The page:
Remote Work Checklist
The following are recommended actions to take as you prepare for remote working. Please review with your manager in advance.
Essential Technology Hardware
- Laptop with power cord
- Mobile phone
- Copy all necessary files to a USC cloud location (OneDrive, Google Drive) so they can be accessed remotely.
- Update your voicemail greeting to inform callers that you are working remotely and to contact you via email.
- Surge protector with power strip
- 3 prong to 2 prong outlet adapter
- External monitor
Software- ensure you have access to the following (as needed):
- Reference materials or checklists
- Paper working files, as needed
- Post-it notes
- Notebooks with current information
- Headphones, webcam, and microphone for video conferencing; most laptops have an internal webcam and microphone
- Take important belongings home and lock up and secure all others.
- Take plants home.
If your Duo Security notification is set to go to your office phone, choose one of the other notification methods to assure appropriate authentication.
- Work with your manager to ensure you have all the equipment you need to transition to remote work.
- Follow the appropriate equipment check-out procedure for your department or unit. If you are unsure of the procedure, speak to your manager.
Before transitioning to remote work, make sure you move any files to cloud storage. Never keep information on your computer or in email that you wouldn’t want to become public knowledge.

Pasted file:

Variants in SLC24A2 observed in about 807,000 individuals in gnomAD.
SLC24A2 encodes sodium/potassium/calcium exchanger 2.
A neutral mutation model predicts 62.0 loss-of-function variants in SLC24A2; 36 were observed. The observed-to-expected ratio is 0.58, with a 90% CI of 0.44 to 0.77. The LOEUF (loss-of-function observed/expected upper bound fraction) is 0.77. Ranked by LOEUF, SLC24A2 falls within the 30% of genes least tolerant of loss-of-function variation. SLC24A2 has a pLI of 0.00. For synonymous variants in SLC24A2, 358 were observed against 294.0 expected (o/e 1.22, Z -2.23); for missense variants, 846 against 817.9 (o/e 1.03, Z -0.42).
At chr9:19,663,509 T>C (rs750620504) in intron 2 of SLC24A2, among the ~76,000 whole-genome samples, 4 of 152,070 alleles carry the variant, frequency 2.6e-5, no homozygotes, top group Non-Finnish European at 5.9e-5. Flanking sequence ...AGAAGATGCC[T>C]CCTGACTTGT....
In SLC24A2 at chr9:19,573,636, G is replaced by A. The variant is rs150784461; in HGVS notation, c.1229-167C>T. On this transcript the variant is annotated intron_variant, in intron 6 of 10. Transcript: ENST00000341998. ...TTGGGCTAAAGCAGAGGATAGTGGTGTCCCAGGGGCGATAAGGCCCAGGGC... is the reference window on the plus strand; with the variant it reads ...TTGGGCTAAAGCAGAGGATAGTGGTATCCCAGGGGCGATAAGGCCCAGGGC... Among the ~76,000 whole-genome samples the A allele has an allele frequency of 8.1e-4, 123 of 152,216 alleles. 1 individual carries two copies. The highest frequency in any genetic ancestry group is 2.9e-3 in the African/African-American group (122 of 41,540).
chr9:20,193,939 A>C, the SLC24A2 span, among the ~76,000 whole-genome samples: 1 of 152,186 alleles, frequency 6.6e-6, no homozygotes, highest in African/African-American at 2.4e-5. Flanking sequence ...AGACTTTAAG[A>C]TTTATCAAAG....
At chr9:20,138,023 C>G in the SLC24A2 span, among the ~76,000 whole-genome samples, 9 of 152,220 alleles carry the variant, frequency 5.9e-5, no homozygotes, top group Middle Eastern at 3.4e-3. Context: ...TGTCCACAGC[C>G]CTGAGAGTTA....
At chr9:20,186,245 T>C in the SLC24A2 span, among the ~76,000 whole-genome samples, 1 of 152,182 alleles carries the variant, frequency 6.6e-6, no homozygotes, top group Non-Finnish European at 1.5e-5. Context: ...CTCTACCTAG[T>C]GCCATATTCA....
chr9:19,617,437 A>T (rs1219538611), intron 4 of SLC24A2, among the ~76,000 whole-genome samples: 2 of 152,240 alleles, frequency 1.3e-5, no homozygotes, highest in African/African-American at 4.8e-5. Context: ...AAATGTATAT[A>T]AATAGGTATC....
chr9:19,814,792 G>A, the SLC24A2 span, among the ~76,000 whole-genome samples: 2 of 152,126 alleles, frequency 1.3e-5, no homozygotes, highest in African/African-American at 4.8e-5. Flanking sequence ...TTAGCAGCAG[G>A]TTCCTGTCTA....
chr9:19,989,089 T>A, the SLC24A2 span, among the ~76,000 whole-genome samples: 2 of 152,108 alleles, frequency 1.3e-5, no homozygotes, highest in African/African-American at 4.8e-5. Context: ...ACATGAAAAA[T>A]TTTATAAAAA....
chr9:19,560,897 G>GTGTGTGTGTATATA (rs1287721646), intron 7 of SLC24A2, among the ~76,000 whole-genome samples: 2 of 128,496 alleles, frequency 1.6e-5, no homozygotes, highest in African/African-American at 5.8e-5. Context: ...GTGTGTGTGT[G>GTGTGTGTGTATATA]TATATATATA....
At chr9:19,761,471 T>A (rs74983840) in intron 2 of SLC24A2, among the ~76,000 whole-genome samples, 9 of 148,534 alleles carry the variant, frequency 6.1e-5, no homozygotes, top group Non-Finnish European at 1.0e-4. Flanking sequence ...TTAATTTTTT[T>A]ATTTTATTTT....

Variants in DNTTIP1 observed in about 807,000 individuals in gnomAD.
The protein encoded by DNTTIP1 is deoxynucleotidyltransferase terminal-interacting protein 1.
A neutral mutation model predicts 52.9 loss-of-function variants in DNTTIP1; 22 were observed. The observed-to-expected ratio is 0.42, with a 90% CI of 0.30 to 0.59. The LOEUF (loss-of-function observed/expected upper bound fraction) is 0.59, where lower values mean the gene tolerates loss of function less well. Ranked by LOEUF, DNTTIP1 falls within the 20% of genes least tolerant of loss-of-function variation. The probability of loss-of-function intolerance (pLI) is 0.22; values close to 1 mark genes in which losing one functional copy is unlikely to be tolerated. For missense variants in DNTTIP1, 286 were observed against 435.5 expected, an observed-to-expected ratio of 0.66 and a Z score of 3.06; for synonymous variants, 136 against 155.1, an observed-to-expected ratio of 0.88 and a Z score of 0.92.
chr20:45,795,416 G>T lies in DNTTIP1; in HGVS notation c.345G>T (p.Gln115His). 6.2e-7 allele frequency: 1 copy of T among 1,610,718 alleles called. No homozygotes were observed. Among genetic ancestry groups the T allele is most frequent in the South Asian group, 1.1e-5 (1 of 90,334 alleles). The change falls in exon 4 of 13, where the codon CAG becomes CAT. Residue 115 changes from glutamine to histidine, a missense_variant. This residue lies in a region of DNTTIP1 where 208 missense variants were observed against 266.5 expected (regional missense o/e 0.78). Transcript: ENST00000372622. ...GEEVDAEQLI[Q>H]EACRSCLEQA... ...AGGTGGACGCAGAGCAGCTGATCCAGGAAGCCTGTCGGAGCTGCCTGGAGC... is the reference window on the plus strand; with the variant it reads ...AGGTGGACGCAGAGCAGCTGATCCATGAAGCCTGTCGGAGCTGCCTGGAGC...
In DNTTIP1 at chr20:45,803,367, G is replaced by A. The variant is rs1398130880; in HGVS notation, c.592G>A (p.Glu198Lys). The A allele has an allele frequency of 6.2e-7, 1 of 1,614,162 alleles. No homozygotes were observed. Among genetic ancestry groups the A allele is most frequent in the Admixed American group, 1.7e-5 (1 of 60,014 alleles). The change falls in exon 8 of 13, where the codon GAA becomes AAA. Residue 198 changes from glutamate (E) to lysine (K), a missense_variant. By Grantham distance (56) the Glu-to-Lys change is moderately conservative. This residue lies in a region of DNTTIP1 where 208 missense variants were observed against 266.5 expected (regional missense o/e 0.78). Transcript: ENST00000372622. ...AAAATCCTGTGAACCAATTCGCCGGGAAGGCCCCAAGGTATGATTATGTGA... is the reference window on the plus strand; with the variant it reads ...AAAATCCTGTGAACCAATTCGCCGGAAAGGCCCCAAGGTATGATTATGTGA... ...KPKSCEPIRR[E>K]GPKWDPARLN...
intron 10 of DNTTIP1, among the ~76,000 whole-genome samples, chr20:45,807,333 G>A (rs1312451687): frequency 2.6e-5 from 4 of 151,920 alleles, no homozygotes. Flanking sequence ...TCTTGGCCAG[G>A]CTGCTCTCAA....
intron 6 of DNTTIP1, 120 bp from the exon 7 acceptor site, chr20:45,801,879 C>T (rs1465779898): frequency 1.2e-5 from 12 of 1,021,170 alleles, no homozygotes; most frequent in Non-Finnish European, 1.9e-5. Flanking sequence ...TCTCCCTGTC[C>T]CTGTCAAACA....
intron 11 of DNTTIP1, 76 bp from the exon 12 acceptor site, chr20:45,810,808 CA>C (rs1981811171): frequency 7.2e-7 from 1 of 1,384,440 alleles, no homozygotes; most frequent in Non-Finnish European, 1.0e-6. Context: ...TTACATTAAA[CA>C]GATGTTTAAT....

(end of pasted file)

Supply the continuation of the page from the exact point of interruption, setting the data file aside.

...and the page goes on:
- ITS provides two different options for online storage of files and documents for USC staff, including Google Drive and Microsoft OneDrive for Business.
Office Set Up
Setting Up Your Home Work Space
Make sure you have tested your access to the following equipment at home:
- Laptop or desktop computer.
- Microphone – this may be built into your laptop or computer, or you may use an external device such as a USB microphone or headset.
- Webcam – a camera may already be built into your laptop, but you can also use an external USB camera for video conferencing.
Voicemail Set Up
To be sure you don’t miss any calls while you are away, you should update your voicemail to alert others and provide details on how to reach you. [Due to limited capacity, call forwarding is limited to those that are in direct support of emergency and business critical operations such as hospitals and critical centers, or if it is essential to an individual’s role.]
Voicemail is available to all benefits-eligible employees under the Technology Connection Charge (TCC).
To sign up for voicemail services, submit a request via a Communication Service Request (CSR) (USC Login Required).
Locating Your Voicemail Access Number
You will need to locate your 5-digit voicemail access number to access your voicemail. Your voicemail access number is located in the Fast Start Instructions document that was sent to you via email after you signed up for voicemail services.
Setting Up Your Mailbox
You will need to complete a brief setup process the first time you access your mailbox.
- From your campus telephone, dial your 5-digit voicemail access number.
- When prompted for your security code, enter “TROJAN” (876526).
- The system will prompt you to change your security code. You cannot use simple codes such as 123456 or 111111.
- You will be prompted to record your name for the mailbox.
- After recording your name, you will be prompted to record a greeting for callers.
Avaya Aura Messaging and Avaya Voicemail to Outlook
Access the USC IT Services Voicemail webpage for details.
Avaya One-X Communicator Softphone
Avaya One-X Communicator Softphone allows to answer your USC phone from a Windows computer when you are unable to be in the office. For more information, click here.
Avaya One-X IP Agent (Contact Center Agent)